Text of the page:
Axline: The neurologist I work with told me this term. He said it was used because people with ALS tend to ask about helping each other instead of themselves—different than, perhaps, someone with MS. The doctor also said that current research indicates subtle executive functioning changes in a good number of people with ALS. So it might have a correlation to the motor neuron loss, but this has not been proven—just a thought. I try not to use those terms with patients and family, though, because I think it is more important to validate their angst rather than use pat phrases. Just my opinion.
Paula Wildi: I would like advice on communicating to parents with profoundly communicatively impaired children a realistic expectation of improvement—minimal—while maintaining a hopeful and positive attitude. I am personally much more comfortable with difficult end-of-life discussions.
Axline: I think [you should provide] the validation that you can’t imagine how difficult it is for them. Then I would probably develop some statements that feel comfortable for you and your style. Perhaps, “What are some things about your child that you feel hopeful about?” or “What are some things that you would like to explore to see what ways your child can communicate?” Be purposeful. We all want and need to have purpose—and the world defines communication as part of being purposeful—if you can help the parents reframe how their child can still communicate or use devices, or still be interactive with their world, that would give such hope. Remember, parents are grieving about their loss of dreams, and perhaps even [feeling] guilt that somehow as a parent they should have protected their child from this. Grief is not logical … [it’s] emotional.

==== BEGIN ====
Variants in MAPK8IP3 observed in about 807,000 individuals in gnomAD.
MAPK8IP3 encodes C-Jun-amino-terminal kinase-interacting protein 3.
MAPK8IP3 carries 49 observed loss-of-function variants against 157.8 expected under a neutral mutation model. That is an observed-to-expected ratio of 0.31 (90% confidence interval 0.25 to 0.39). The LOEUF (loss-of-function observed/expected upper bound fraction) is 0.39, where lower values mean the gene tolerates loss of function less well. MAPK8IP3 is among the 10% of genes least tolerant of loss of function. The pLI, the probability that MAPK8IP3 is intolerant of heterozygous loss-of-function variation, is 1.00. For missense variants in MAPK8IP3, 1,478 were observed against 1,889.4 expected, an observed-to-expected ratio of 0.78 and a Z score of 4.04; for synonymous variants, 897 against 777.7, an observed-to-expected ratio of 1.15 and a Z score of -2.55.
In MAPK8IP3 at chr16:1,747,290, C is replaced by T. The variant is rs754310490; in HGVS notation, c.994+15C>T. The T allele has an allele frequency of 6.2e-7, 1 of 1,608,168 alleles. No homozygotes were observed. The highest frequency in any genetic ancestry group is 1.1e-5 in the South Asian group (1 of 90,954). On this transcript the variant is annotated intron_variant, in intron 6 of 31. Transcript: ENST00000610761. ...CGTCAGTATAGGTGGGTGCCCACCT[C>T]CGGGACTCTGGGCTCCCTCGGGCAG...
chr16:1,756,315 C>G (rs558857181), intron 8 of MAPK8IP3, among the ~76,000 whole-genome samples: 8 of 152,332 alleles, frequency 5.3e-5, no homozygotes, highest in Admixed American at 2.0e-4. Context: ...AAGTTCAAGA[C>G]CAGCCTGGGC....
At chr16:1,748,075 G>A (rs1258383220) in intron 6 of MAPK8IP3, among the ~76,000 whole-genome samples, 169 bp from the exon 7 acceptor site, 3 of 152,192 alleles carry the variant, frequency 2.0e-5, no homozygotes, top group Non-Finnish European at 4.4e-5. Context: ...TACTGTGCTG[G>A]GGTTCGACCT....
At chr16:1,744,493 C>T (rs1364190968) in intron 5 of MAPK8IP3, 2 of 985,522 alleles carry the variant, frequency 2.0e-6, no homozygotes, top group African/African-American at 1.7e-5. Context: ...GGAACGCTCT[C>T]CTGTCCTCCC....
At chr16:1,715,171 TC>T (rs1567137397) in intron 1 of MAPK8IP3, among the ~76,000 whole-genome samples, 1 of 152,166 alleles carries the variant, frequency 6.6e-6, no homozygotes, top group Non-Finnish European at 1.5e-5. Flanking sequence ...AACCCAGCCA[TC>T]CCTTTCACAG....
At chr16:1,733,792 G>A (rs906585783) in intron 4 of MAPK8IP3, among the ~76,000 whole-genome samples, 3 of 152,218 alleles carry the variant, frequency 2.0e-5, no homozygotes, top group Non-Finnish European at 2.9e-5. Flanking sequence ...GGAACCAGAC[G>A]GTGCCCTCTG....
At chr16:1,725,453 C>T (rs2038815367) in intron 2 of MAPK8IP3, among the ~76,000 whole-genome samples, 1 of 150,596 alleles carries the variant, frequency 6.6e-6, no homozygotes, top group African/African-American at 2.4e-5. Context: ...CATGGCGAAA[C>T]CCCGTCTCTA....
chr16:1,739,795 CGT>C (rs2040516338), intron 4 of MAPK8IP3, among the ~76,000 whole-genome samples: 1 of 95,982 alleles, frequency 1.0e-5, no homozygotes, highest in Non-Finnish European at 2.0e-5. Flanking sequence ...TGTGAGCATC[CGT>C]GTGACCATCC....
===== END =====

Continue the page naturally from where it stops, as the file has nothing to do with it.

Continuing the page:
Marcie Charest: I work in an acute care setting. I am fortunate to work with many doctors who provide good explanations to patients and families. There are others who appear to avoid those conversations—[and] even plan their visit to the patient when family is not visiting. Often I and other staff have to fill in the pieces. Many of the patient’s and family’s questions fall outside of my scope of practice. I would like to involve some of those doctors more. Any suggestions?
Axline: A doctor said to me, “When doctors feel uncomfortable they go to ‘doctor-speak’—which is medical jargon—and families get so overwhelmed.” I would encourage you to discuss this with perhaps a doctor who does talk to the families, and see if they have thoughts. But then also realize that some doctors will never step up to the plate, and perhaps we as team members can do what we can. I often say, “I am not a medical person, but I have heard Dr. so-and-so say this...” and even encourage the family to contact the doctor. “That is a great question for the doctor—why don’t you call his office?” Or ask for a special family meeting—sometimes families don’t know they can ask for this. I wish I had better thoughts, but I hope this helps a bit. It is a difficult situation.